Centers for Medicare and Medicaid Services (CMS)

Throughout the COVID-19 pandemic, the Centers for Medicare and Medicaid Services (CMS) issued a number of waivers and flexibilities to help healthcare providers manage the influx of patients during the Public Health Emergency (PHE). The implementation of the Acute Hospital Care at Home (AHCaH) individual waiver in 2020 allowed qualifying hospitals to provide hospital at home (H@H) programs. These programs provide similar services as those administered during inpatient visits, such as physician visits and monitoring, drug prescription, nursing services, diagnostics, etc. Since its employment, 144 systems including 260 hospitals across 37 states have utilized the AHCaH waiver, rapidly increasing the number of H@H programs in the United States. While the initiative was originally set to expire with the end of the PHE, the AHCaH waiver program was extended until December 31, 2024, with the passing of the Consolidated Appropriations Act, 2023 (CAA 2023). The extension of this program sends a strong message about the importance of permanently integrating home-based care delivery models into our healthcare system. Despite the lengthy extension, the nature of this waiver program remains temporary and the concerns about the expiration effects on relevant stakeholders continue to be pertinent.Continue Reading Hospital at Home Programs Extended, But Final Push Is Needed

CMS Administrator Chiquita Brooks-LaSure and CMS Innovation Center Director Elizabeth Fowler continue to forge ahead with the Biden-Harris Administration’s plans to evaluate and streamline the alternative payment models being tested at the Innovation Center. The most recent example, announced late last month, includes the redesign and renaming of the controversial Global and Professional Direct Contracting (GPDC) model that aims to introduce value-based payment arrangements in traditional Medicare. The newly announced model, renamed the Accountable Care Organization Realizing Equity, Access, and Community Health (ACO REACH) Model, aligns with CMS’s restated goals for the Innovation Center—as outlined in its October 2021 “strategic refresh” white paper—to drive accountable care, advance health equity, support care innovations, improve access by addressing affordability, and partner to achieve system transformation.
Continue Reading CMS Innovation Center Redesigns Direct Contracting Entity Model, Launches ACO REACH

Today, CMS released its strategy for the CMS Innovation Center (the “Strategy”) in a White Paper, Innovation Center Strategy Refresh. This Strategy and the connection to broader CMS priorities was outlined by CMS Administrator Brooks-LaSure and CMS Innovation Center Director, Liz Fowler, in a webinar and is intended as a blueprint for the next 10 years.  While the Innovation Center’s overarching goal continues to be expansion of successful models that reduce program costs and improve quality and outcomes for Medicare and Medicaid beneficiaries, CMS highlights five strategic objectives: Drive Accountable Care, Advance Health Equity, Support Innovation, Address Affordability, and Partner to Achieve System Transformation and created a new vision: “A health system that achieves equitable outcomes through high-quality, affordable, and person-centered care.”
Continue Reading CMS Innovation Center Announces New Strategic Direction Under the Biden Administration

On November 28, 2016, the U.S. Department of Health and Human Services Office of the Inspector General (OIG) issued an unfavorable advisory opinion (No. 16-12) that addresses the permissibility, under the federal Anti-Kickback Statute (AKS), of a laboratory’s proposal to label test tubes and collect specimen containers at no cost to, and for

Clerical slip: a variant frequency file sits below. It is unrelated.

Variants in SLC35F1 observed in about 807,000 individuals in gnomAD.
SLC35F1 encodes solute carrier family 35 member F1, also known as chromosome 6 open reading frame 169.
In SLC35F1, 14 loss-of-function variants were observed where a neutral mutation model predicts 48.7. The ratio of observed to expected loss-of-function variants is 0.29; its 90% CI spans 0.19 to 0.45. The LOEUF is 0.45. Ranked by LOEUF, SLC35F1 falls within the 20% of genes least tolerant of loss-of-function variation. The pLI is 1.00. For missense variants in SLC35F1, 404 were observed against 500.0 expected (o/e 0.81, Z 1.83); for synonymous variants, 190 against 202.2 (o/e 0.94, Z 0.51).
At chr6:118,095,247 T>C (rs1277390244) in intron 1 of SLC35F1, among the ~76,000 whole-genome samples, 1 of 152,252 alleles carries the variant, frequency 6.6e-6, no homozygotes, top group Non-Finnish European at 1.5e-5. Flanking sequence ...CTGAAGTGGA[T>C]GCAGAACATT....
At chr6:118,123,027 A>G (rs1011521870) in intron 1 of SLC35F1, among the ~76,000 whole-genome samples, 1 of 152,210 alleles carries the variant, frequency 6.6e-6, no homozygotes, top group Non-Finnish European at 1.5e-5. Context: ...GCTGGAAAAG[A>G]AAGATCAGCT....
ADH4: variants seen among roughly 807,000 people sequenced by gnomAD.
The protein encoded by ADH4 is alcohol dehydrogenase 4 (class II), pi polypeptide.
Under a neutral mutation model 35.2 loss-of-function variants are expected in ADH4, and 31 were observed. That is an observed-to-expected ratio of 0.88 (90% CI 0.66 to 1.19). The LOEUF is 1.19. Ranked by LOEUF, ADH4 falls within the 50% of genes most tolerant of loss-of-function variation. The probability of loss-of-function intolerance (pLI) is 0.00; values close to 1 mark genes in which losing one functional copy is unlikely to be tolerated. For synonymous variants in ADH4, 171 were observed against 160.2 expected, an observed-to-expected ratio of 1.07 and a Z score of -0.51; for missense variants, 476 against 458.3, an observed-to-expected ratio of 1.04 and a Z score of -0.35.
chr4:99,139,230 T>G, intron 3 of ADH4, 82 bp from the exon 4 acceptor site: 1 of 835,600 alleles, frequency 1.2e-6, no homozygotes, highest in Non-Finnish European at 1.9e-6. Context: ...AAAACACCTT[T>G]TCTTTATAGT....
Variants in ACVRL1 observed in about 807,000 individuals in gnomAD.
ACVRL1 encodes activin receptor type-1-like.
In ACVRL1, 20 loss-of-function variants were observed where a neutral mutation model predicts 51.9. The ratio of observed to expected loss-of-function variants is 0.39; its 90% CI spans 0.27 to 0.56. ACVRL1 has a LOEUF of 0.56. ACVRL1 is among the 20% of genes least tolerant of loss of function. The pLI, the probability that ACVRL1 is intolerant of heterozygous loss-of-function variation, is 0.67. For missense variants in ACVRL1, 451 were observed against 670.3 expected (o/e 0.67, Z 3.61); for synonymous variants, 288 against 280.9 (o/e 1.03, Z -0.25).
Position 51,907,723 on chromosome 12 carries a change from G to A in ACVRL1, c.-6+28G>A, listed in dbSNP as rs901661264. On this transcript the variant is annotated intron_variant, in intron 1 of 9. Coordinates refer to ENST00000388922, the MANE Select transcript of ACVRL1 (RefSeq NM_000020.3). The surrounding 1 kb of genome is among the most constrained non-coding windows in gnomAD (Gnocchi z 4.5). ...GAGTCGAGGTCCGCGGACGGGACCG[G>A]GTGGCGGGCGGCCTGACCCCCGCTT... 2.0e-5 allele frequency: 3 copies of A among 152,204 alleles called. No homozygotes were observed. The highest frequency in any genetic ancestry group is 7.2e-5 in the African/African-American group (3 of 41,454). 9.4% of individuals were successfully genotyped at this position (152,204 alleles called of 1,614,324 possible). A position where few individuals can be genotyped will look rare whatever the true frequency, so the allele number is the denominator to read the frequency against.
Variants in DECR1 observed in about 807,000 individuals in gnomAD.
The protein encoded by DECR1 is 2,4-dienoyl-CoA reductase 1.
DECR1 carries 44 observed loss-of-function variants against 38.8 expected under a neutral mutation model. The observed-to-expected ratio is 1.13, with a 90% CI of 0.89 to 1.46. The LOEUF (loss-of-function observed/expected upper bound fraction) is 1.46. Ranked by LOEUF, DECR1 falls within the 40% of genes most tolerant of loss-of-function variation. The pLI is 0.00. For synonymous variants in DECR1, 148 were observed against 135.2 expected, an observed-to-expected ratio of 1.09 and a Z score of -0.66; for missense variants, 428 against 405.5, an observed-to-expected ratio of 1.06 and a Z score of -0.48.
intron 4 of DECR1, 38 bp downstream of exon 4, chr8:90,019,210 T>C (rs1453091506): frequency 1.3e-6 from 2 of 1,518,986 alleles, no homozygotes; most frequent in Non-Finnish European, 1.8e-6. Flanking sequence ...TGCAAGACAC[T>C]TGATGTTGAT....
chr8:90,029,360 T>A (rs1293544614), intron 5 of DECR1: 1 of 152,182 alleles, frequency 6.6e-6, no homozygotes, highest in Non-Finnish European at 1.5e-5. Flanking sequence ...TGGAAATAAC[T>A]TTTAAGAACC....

Last Thursday, state-based health insurance exchange executives gathered in Chicago to reflect on their experiences establishing their respective exchanges. While these executives were meeting, the full D.C. Circuit Court announced it would rehear the Halbig premium subsidy case and the Oregon exchange board met to discuss dismantling Cover Oregon and moving remaining functions to existing state agencies. As these recent events reflect, this is a period of great uncertainly on the state-based exchange front. As a result, state exchanges, the contractors that built those exchanges and plans participating in them need to be vigilant as to the risks and opportunities that lay ahead.

Northwestern University’s Kellogg School of Management convened a day-long symposium last week on state-based exchanges to discuss year one of operations, what went well, what did not, and lessons learned. During the panel presentations, exchange executives talked about revisiting previous discussions about how exchanges can drive delivery system reform. Some indicated that after focusing on the basics in the first year or two of operations, they are ready to revisit conversations about standardizing benefit packages and using the exchange to impact the health care delivery system. There was specific mention of modifying QHP standards to drive changes in the products offered on the exchange so those products advance ACOs and other delivery system reforms. Insurers participating in state-based exchanges should be on the lookout for future changes including exchanges selectively contracting with a limited number of health plans or using additional criteria to select plans offered on the exchange based on factors such as affordability, prevention and wellness efforts, provider contracting methods, efforts to reduce health disparities, patient access to health care, and other criteria aimed at improving the health delivery system.Continue Reading State-Based Health Insurance Exchanges: What Does The Future Hold?